He washed himself in the surf and returned to his makeshift camp, covering the bloodstains as best he could, then made for the road, walking back towards Linesh. It was an hour or so before he came to the agreed place and the desert heat was coming on swiftly. He chose a spot near a road marker and sat down to wait.
The blood-song rose as he sat there, a new tune, stronger and clearer than before. As his thoughts turned in his head he found the music changed, mournful as he recalled the final whimper from Scratch, bombastic as he replayed the fight with the thing that had been Barkus, and with the music came images, sounds, feelings he knew were not his own. He understood that for the first time he was truly in command of his song, he was finally singing.
Somewhere in a place that wasn’t a place something was screaming, begging forgiveness from an unseen hand that dealt punishment of depthless pain, untroubled by mercy or malice.
In a palace far to the north a young woman composed the greeting she would offer her brother on his return, a carefully crafted speech combining grief, regret and loyalty with expert precision. Once satisfied she lay down her quill, requested some refreshment from her maid and, when she was certain she was alone, put her perfect face in her hands and wept.
To the west another young woman gazed at a broad ocean and refused to weep. In her hand she held two wooden blocks wrapped in a finely embroidered silk scarf. Below her the sea beat against the ship’s hull, scattering spume into the air. Her hand itched to throw the bundle to the waves, anger burning in her, a hard pain she couldn’t escape, making her hate the thoughts it provoked. A desire for revenge was not something she understood, never having felt it before. From behind came a shout of pain and she turned, seeing a sailor collapsed on the deck having fallen from the rigging, clutching at a broken leg and swearing profusely in a language she didn’t understand. “Lie still!” she commanded, moving to his side, returning the blocks and the scarf to the folds of her cloak.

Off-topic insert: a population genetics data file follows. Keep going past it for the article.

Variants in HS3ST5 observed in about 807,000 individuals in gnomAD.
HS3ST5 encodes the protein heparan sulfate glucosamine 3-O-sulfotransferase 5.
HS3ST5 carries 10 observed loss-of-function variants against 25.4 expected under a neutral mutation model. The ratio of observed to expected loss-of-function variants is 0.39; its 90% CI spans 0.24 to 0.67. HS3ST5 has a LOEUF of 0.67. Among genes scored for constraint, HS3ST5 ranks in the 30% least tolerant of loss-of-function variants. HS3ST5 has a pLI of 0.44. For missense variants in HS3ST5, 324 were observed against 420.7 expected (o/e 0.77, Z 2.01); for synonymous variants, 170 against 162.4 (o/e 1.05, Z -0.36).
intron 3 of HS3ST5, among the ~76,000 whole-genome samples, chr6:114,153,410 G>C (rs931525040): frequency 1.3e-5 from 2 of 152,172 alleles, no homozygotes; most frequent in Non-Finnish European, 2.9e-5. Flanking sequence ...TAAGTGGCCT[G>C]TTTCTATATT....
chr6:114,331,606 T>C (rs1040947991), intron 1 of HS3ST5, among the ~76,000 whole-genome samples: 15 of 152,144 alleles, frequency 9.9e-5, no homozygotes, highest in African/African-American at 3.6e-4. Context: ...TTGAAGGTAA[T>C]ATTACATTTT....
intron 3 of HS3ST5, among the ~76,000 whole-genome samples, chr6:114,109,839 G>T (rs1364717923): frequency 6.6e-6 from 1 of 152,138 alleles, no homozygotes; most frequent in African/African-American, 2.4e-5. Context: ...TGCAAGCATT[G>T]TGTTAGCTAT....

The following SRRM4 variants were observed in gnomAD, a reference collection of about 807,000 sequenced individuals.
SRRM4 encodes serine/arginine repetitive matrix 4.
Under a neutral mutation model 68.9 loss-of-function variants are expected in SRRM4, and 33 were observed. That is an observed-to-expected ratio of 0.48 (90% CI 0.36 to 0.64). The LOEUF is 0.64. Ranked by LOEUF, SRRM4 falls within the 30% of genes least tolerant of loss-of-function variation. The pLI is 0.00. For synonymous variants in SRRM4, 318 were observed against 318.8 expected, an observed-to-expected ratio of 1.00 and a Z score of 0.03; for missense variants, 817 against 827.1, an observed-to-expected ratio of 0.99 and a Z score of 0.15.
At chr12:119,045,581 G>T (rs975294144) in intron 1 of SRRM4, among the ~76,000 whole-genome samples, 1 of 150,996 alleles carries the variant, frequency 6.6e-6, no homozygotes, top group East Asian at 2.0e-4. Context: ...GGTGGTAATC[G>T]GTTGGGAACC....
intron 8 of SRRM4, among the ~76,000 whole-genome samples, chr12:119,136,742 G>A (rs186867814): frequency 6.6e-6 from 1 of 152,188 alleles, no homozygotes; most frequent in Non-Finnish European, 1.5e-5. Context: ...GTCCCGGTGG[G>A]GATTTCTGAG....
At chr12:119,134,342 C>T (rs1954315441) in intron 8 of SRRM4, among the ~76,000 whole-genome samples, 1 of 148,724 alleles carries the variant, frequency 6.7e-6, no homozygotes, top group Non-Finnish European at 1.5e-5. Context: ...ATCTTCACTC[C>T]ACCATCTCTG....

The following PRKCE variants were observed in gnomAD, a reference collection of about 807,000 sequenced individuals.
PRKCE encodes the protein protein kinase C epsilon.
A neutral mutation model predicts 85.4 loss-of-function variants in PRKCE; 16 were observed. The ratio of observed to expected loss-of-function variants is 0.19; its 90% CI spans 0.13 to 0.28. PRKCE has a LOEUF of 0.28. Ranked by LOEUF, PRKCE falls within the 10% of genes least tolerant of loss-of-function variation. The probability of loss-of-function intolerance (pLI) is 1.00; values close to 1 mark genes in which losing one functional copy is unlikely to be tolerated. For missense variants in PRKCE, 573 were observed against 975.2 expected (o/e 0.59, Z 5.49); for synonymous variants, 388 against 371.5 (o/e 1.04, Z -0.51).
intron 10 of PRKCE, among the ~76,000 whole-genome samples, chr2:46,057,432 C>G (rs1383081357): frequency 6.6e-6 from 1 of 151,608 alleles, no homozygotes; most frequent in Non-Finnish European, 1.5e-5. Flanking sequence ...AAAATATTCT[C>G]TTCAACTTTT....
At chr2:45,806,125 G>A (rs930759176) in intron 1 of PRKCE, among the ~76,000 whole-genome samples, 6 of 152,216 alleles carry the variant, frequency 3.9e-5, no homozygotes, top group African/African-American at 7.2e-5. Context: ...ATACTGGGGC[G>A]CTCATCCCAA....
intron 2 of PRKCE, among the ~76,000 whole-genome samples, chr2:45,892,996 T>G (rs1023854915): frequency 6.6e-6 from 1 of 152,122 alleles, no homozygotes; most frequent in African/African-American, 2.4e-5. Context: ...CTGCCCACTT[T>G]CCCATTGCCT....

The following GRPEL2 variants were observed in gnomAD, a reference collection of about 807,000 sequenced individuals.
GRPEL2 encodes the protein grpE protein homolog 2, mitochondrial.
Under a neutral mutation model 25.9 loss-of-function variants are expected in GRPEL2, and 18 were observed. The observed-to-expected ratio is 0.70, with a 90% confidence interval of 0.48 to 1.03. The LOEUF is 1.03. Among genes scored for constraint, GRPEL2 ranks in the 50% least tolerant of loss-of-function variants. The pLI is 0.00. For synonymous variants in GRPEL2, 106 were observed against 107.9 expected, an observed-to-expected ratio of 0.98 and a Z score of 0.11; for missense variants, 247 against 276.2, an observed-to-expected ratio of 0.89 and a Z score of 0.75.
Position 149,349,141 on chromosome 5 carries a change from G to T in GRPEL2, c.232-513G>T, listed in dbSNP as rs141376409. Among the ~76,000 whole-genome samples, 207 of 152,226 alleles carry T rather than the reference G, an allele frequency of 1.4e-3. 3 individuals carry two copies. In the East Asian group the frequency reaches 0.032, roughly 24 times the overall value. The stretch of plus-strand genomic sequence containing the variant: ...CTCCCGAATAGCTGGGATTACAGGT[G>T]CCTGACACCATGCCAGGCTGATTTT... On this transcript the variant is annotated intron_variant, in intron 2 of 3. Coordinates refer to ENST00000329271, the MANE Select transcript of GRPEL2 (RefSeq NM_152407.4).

Aboard another ship sailing another ocean, a young man sat, silent and still, his face a blank mask. Despite his stillness he provoked fear in those around him, their master’s orders having made it clear that to awaken his interest invited the swiftest death. Although the young man was as unmoving as a statue, within his shirt the scars on his chest burned with a continual, fierce agony.
Vaelin focused the song to a single pure note, casting it forth across the deserts, jungles and ocean that separated them: I will find you, brother.
The young man stiffened momentarily, drawing fearful glances from those who guarded him, then returned to his previous immobile, expressionless state.
The vision and the song faded, leaving him sitting in the blazing sun, a dust cloud rising in the east, soon resolving through the haze into a troop of horsemen, the tall figure of Grand Prosecutor Velsus at their head, riding hard, eager to claim his prize.
END OF BOOK ONE